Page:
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    ABSTRACT: Background We previously reported the development of tracheoesophageal (TE) fistulae in patients with small-cell lung cancer (SCLC) treated with chemoradiation and concurrent and sequential bevacizumab (J Clin Oncol 2008; 26(15 suppl):410s [Abstract 7554]). In this phase II trial, we evaluated concurrent chemoradiation and bevacizumab in patients with unresectable stage III non—small-cell lung cancer (NSCLC) and observed similar fistula development.Patients and Methods This was a phase II trial designed to enroll 50 patients, with a primary aim of achieving a 40% improvement in historical 10-month median time to progression (α, .05; β, .20). Patients with newly diagnosed unresectable nonsquamous stage III NSCLC, measurable disease, Eastern Cooperative Oncology Group performance status 0/1, signed informed consent, and no pleural or pericardial effusions were eligible. Hemoptysis or need for anticoagulation were exclusion factors. Treatment was composed of induction, consolidation, and maintenance phases. Induction treatment included carboplatin area under the curve (AUC) = 5 intravenous (I.V.), pemetrexed 500 mg/m2 I.V., and bevacizumab 15 mg/kg I.V. weeks 1 and 4. Radiation was administered concurrently 1.8 Gy per day to 61.2 Gy. After a break in therapy from weeks 8 to 16, consolidative therapy commenced and included carboplatin AUC = 6 I.V., pemetrexed 500 mg/m2 I.V., and bevacizumab 15 mg/kg I.V. weeks 16, 19, and 22. Maintenance therapy was composed of bevacizumab 15 mg/kg every 3 weeks for 9 cycles. Patients were restaged after induction and consolidation phases (per Response Evaluation Criteria in Solid Tumors).ResultsEnrollment was staggered in groups of 5 for safety monitoring beginning in February 2007. Among the first 5 patients, 2 patients developed TE fistulae. Patient 1 developed a TE fistula 34 weeks into therapy (during the fourth maintenance bevacizumab and 26 weeks after chemoradiation). Patient 2 developed a TE fistula 40 weeks into therapy (during the sixth maintenance bevacizumab and 32 weeks after chemoradiation). Both patients experienced antecedent severe esophagitis. Both patients were managed with stents and are alive. The other 3 patients have not developed TE fistulae to date and are alive. The trial was subsequently closed for safety in December 2007.ConclusionTE fistula development has occurred in both SCLC and NSCLC trials where chemotherapy, bevacizumab, and radiation were administered. Strategies to safely incorporate novel therapies into standard chemoradiation lung cancer regimens are needed.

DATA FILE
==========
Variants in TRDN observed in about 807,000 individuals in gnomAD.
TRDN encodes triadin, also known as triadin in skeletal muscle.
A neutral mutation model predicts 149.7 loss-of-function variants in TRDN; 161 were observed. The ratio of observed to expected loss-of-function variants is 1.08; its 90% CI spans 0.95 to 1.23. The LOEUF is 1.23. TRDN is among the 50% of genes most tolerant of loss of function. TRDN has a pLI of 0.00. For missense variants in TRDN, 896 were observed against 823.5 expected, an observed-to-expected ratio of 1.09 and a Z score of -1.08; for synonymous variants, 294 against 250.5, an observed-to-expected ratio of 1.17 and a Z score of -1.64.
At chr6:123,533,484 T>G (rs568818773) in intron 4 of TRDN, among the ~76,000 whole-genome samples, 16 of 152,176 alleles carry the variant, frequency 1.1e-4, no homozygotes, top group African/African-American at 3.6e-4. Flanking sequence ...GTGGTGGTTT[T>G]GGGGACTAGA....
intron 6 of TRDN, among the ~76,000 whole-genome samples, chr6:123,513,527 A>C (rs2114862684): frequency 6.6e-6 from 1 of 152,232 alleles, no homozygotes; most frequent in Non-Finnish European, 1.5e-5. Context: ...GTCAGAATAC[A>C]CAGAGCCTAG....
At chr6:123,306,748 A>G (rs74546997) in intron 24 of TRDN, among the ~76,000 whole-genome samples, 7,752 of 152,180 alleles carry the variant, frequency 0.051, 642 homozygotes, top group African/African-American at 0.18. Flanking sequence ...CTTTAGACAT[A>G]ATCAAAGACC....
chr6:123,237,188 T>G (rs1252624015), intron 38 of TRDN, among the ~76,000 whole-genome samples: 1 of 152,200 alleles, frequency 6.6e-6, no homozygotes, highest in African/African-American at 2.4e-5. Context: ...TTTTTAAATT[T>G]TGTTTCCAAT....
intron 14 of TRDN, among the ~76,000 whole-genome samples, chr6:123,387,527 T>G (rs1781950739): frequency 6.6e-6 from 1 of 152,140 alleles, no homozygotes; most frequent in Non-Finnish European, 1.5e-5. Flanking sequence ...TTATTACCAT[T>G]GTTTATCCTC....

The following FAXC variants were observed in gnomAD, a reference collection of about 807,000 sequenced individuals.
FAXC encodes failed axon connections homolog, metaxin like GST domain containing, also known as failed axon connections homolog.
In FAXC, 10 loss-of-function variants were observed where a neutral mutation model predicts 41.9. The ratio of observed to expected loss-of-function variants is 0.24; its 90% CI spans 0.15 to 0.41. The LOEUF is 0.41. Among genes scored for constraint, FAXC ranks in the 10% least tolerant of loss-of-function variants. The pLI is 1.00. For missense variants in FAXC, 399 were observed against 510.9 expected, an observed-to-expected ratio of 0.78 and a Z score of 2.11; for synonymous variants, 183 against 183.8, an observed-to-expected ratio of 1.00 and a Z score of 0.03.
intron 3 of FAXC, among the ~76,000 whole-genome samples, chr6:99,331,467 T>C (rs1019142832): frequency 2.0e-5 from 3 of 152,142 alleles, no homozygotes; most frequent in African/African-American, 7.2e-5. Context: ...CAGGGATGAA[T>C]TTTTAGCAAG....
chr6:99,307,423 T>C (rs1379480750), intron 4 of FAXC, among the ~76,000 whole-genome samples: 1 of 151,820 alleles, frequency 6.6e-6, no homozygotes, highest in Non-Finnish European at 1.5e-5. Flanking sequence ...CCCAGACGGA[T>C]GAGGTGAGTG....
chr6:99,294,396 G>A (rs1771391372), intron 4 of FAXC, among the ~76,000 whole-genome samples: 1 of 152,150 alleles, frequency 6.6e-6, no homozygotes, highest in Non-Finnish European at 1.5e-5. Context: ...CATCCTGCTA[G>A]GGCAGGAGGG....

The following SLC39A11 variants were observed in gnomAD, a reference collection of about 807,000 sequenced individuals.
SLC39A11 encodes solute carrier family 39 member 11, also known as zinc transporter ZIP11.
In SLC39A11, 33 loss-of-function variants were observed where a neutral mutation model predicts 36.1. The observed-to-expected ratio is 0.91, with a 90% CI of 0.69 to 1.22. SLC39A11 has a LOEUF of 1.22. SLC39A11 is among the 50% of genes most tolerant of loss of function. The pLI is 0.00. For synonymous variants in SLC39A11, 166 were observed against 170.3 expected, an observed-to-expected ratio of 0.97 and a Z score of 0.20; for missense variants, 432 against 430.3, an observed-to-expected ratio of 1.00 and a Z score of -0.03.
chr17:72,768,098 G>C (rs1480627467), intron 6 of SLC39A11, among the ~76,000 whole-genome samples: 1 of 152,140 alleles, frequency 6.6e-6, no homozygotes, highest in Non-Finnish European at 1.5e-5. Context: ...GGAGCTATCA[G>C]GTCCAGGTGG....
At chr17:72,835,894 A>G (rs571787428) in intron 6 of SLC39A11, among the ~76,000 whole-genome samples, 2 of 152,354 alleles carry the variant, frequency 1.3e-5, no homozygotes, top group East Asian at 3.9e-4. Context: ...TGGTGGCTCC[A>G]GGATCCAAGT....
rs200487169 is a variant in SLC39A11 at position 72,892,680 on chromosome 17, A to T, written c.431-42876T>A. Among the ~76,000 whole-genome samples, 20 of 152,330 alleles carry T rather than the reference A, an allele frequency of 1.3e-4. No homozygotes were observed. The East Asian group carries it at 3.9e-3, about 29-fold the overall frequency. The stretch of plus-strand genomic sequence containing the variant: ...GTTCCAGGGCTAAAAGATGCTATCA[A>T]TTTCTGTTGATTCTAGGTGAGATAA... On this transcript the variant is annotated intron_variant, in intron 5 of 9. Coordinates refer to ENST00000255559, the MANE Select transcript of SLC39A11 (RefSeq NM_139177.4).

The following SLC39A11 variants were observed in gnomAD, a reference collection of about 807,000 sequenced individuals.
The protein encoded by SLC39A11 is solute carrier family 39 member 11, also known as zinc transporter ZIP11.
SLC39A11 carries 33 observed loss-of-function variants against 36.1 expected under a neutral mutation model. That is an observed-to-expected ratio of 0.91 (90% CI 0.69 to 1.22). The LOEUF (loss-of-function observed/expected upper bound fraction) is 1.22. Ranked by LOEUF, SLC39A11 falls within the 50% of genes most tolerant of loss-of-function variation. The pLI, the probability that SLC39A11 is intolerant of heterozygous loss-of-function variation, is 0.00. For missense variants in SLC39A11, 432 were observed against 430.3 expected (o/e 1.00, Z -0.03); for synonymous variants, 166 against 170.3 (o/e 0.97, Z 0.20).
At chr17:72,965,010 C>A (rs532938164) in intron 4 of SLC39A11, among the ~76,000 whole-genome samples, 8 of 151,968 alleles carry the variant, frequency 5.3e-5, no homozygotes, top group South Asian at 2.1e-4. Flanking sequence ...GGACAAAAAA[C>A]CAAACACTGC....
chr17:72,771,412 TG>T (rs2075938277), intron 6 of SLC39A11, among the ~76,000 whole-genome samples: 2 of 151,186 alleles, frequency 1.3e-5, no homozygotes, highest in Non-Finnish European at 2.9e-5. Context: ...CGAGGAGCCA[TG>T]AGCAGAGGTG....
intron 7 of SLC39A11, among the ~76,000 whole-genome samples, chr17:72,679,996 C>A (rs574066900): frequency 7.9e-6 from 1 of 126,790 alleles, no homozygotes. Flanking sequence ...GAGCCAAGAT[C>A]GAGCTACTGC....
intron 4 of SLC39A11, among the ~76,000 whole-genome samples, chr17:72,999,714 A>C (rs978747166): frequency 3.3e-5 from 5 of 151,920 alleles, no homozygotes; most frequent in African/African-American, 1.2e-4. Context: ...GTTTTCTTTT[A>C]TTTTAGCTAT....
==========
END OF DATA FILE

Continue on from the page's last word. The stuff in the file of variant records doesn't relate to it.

Clinical Lung Cancer 09/2008; 9(5):303. DOI:10.1016/S1525-7304(11)70869-5 · 3.10 Impact Factor
  • Lung Cancer 08/2003; 41. DOI:10.1016/S0169-5002(03)92543-8 · 3.96 Impact Factor